U.N. seeks to try North Koreans for rights abuses


The United Nations Human Rights Council decided on Wednesday to appoint a panel of experts to explore legal avenues for prosecuting North Korean leaders for crimes against humanity, The New York Times reports:

The council, based in Geneva, passed a resolution calling for the appointment of independent experts to identify and recommend “practical mechanisms of accountability” for abuses detailed in a landmark 2014 report of a commission of inquiry. The council adopted the resolution without a vote despite criticism from six countries, including China and Russia.

The commission of inquiry recommended that the United Nations Security Council refer North Korea to the International Criminal Court to answer for widespread crimes against humanity, including extrajudicial killings, the enslavement of tens of thousands of detainees in a network of prison camps, torture, rape, and religious and political persecution.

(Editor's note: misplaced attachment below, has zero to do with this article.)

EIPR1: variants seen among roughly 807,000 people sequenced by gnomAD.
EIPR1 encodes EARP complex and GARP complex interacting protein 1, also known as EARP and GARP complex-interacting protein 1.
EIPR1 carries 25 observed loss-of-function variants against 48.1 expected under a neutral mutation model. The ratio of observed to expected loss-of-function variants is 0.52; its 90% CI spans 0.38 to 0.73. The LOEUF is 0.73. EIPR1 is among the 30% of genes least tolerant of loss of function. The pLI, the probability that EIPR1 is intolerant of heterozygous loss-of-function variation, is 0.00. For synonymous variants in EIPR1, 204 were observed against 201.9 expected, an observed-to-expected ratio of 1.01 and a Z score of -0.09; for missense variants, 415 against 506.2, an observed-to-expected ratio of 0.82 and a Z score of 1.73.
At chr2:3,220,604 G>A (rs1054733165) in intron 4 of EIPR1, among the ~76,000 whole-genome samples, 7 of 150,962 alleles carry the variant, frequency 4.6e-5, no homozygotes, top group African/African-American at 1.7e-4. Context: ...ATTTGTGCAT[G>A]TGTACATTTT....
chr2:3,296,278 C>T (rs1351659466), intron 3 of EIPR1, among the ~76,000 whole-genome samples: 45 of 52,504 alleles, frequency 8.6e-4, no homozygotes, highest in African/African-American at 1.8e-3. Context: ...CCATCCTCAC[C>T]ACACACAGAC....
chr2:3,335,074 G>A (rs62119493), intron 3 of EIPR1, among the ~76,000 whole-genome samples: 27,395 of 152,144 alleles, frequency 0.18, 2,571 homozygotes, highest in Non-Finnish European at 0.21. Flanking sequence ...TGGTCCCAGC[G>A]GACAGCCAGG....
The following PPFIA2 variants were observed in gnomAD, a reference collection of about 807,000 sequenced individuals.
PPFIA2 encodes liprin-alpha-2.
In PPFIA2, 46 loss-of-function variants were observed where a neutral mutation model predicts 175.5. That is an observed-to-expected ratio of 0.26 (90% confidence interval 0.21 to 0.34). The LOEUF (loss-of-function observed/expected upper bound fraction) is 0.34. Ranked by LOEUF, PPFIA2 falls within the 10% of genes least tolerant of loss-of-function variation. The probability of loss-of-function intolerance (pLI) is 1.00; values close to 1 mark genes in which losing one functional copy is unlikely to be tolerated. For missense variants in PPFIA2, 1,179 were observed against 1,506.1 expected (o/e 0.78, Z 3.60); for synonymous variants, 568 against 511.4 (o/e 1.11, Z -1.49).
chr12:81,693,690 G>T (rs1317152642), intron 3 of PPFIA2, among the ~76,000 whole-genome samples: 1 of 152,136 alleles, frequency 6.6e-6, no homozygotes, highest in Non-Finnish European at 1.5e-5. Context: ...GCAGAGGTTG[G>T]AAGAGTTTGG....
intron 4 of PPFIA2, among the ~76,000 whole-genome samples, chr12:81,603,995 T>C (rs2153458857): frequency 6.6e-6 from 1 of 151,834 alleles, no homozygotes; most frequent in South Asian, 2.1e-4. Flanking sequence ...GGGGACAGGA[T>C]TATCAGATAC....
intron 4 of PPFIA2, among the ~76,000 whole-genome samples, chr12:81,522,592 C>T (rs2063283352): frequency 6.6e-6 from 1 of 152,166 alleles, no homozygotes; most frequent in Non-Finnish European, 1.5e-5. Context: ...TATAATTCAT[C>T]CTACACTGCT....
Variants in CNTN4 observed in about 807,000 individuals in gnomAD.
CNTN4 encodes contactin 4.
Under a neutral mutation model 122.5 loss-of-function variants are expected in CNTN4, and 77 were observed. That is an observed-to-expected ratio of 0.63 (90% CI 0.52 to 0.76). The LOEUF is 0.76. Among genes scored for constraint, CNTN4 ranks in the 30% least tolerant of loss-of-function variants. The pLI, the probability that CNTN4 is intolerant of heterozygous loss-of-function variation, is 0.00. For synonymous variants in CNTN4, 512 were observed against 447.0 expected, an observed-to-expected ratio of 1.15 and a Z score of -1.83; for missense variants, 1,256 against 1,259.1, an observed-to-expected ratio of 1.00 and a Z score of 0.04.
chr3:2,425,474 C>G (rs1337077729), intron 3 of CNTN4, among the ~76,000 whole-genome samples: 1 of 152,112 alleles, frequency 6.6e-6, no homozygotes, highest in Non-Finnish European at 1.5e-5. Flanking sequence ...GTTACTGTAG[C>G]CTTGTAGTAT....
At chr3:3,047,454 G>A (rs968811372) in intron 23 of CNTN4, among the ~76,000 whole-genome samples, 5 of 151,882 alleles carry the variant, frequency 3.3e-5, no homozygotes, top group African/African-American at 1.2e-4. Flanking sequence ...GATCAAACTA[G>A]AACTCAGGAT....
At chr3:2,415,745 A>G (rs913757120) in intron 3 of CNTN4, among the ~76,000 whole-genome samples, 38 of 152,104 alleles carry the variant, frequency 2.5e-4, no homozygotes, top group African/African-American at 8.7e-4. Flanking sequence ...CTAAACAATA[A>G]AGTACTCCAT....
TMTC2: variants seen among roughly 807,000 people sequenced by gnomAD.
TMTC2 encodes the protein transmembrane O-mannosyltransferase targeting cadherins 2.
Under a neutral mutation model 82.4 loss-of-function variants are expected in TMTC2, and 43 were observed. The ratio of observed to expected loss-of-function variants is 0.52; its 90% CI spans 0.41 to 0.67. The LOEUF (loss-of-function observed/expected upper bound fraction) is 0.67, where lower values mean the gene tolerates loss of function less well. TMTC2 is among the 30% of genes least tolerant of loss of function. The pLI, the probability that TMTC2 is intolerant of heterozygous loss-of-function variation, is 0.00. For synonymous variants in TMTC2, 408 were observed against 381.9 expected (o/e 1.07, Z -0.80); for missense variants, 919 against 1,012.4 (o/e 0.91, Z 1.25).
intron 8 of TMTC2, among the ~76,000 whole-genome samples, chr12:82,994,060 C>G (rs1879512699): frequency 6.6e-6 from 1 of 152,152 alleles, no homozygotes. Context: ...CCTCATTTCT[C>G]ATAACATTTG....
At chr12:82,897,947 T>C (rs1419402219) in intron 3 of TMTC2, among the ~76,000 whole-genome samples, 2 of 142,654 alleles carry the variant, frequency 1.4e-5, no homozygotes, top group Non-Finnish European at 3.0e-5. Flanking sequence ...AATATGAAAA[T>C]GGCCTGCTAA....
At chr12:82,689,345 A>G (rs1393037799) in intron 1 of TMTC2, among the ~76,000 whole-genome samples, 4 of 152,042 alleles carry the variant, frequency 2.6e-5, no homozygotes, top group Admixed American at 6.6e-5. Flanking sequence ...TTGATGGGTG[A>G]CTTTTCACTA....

The Panel of Experts will “prepare for domestic initiatives on possible transitional justice in North Korea in the future and South Korea’s responsibility in that process,” said the Citizens’ Alliance for North Korean Human Rights,” adding that the panel “is also expected to strengthen the international advocacy in search of justice, truth, and compensation to North Korean victims.”

South Korea’s Foreign Ministry welcomed the latest development.

“The government deplores the North’s pouring of its scarce resources into its nuclear tests and missile launches, while it turns a blind eye to the human rights of North Koreans and their livelihoods,” the

Supporters of the resolution recognized the difficulty of obtaining a referral to the criminal court from the Security Council, where China, North Korea’s traditional ally, wields a veto. The resolution is intended to keep up the pressure on North Korea’s leadership by identifying alternative approaches for bringing to justice those responsible for abuses, The Times adds.

“We gave them a good chance to demonstrate good will in the last two years,” said Marzuki Darusman, the United Nations investigator monitoring human rights developments in North Korea. “Now is the time to close in on them.”

Print Friendly, PDF & Email